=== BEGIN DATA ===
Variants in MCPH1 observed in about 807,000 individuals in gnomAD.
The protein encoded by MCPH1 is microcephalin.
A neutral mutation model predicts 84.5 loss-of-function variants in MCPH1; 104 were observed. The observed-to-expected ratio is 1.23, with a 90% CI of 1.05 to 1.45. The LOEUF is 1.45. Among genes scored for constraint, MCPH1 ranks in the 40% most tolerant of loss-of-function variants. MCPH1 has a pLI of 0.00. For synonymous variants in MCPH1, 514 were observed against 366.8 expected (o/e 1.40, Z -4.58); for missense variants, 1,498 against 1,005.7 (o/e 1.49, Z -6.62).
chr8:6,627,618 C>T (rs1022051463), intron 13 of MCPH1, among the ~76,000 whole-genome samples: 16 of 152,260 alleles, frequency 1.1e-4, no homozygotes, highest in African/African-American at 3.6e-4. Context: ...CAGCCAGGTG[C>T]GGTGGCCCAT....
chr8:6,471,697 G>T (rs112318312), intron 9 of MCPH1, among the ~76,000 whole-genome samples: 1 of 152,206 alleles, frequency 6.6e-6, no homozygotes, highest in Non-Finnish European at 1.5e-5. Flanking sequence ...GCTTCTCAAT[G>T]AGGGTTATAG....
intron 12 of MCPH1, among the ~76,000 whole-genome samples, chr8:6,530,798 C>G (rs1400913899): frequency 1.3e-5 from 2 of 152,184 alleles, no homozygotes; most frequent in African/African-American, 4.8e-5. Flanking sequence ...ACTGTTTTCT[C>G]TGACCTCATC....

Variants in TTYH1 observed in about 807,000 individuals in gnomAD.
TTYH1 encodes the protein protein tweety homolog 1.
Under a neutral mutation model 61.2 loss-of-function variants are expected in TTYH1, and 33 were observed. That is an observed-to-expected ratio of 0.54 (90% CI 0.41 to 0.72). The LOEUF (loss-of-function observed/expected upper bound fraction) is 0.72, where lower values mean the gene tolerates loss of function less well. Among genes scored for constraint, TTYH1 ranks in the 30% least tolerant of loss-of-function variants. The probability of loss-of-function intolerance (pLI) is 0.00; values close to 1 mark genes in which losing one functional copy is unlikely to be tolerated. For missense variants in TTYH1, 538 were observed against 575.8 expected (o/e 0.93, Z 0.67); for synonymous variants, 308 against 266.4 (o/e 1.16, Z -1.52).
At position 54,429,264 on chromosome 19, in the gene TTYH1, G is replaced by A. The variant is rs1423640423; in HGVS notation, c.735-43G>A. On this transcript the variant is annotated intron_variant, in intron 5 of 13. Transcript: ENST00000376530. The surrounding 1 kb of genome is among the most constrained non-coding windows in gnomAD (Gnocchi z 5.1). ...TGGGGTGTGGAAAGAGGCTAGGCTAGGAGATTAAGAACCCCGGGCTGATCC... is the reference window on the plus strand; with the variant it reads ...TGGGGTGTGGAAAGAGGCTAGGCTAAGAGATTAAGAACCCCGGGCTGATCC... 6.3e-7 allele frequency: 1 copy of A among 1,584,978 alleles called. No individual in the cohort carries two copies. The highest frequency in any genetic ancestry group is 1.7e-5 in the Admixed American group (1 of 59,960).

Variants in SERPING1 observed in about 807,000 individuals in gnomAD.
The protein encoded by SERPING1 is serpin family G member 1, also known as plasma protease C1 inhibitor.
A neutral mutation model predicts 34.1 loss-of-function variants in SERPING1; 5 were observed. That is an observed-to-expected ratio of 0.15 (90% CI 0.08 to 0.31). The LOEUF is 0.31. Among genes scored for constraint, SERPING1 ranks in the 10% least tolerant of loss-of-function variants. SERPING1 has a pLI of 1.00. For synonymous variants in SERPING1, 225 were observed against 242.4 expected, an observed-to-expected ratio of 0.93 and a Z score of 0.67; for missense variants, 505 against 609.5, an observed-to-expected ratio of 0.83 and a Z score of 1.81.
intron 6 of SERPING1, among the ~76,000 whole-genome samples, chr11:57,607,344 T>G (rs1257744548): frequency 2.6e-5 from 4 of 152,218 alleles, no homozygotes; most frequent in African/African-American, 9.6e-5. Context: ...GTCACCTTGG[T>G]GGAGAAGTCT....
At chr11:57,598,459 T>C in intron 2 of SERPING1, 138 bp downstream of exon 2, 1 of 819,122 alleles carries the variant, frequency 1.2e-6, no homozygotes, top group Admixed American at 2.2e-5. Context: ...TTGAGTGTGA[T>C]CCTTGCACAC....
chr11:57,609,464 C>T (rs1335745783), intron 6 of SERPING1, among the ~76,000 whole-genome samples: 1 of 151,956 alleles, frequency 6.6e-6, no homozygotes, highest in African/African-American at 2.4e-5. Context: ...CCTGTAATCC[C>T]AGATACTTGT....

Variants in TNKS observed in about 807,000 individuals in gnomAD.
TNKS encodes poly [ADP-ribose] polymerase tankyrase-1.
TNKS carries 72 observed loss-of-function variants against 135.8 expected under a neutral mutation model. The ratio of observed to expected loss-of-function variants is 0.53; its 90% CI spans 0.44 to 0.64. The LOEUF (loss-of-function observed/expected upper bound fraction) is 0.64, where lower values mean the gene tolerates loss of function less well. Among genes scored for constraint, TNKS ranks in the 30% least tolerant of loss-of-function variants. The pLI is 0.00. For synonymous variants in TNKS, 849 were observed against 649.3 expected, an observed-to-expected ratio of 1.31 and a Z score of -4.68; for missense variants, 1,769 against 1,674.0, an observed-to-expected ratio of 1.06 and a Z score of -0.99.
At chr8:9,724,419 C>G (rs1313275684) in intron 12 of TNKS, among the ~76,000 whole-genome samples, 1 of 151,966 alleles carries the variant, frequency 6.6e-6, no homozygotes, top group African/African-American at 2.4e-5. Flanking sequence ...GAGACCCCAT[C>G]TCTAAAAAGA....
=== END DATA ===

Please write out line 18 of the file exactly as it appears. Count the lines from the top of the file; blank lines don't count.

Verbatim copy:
TNKS encodes poly [ADP-ribose] polymerase tankyrase-1.